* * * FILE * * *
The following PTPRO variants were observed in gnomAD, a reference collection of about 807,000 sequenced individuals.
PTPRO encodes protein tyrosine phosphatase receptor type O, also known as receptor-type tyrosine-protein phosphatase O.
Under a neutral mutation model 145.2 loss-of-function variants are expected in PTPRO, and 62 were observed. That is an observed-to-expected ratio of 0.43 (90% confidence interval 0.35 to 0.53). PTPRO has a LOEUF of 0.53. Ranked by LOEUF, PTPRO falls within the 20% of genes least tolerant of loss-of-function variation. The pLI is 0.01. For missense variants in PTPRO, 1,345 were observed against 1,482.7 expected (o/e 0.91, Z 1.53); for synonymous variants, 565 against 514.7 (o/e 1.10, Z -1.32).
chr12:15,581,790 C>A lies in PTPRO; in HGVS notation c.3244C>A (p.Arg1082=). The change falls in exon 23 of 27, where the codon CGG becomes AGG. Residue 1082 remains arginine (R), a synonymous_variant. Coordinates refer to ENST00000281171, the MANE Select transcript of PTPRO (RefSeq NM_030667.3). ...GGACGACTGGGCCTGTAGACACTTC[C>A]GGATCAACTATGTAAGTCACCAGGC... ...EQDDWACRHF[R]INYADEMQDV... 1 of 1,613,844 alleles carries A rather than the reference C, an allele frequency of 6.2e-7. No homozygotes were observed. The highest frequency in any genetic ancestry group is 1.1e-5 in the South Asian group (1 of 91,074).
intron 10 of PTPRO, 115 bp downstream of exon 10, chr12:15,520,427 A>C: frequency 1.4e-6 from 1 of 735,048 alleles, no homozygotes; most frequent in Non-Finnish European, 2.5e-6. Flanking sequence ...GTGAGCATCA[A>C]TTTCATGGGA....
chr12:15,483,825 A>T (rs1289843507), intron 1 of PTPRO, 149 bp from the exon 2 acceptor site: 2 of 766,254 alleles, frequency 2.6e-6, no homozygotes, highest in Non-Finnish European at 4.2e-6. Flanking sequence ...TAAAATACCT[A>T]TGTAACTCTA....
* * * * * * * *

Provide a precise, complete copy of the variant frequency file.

The following PTPRO variants were observed in gnomAD, a reference collection of about 807,000 sequenced individuals.
PTPRO encodes protein tyrosine phosphatase receptor type O, also known as receptor-type tyrosine-protein phosphatase O.
Under a neutral mutation model 145.2 loss-of-function variants are expected in PTPRO, and 62 were observed. That is an observed-to-expected ratio of 0.43 (90% confidence interval 0.35 to 0.53). PTPRO has a LOEUF of 0.53. Ranked by LOEUF, PTPRO falls within the 20% of genes least tolerant of loss-of-function variation. The pLI is 0.01. For missense variants in PTPRO, 1,345 were observed against 1,482.7 expected (o/e 0.91, Z 1.53); for synonymous variants, 565 against 514.7 (o/e 1.10, Z -1.32).
chr12:15,581,790 C>A lies in PTPRO; in HGVS notation c.3244C>A (p.Arg1082=). The change falls in exon 23 of 27, where the codon CGG becomes AGG. Residue 1082 remains arginine (R), a synonymous_variant. Coordinates refer to ENST00000281171, the MANE Select transcript of PTPRO (RefSeq NM_030667.3). ...GGACGACTGGGCCTGTAGACACTTC[C>A]GGATCAACTATGTAAGTCACCAGGC... ...EQDDWACRHF[R]INYADEMQDV... 1 of 1,613,844 alleles carries A rather than the reference C, an allele frequency of 6.2e-7. No homozygotes were observed. The highest frequency in any genetic ancestry group is 1.1e-5 in the South Asian group (1 of 91,074).
intron 10 of PTPRO, 115 bp downstream of exon 10, chr12:15,520,427 A>C: frequency 1.4e-6 from 1 of 735,048 alleles, no homozygotes; most frequent in Non-Finnish European, 2.5e-6. Flanking sequence ...GTGAGCATCA[A>C]TTTCATGGGA....
chr12:15,483,825 A>T (rs1289843507), intron 1 of PTPRO, 149 bp from the exon 2 acceptor site: 2 of 766,254 alleles, frequency 2.6e-6, no homozygotes, highest in Non-Finnish European at 4.2e-6. Flanking sequence ...TAAAATACCT[A>T]TGTAACTCTA....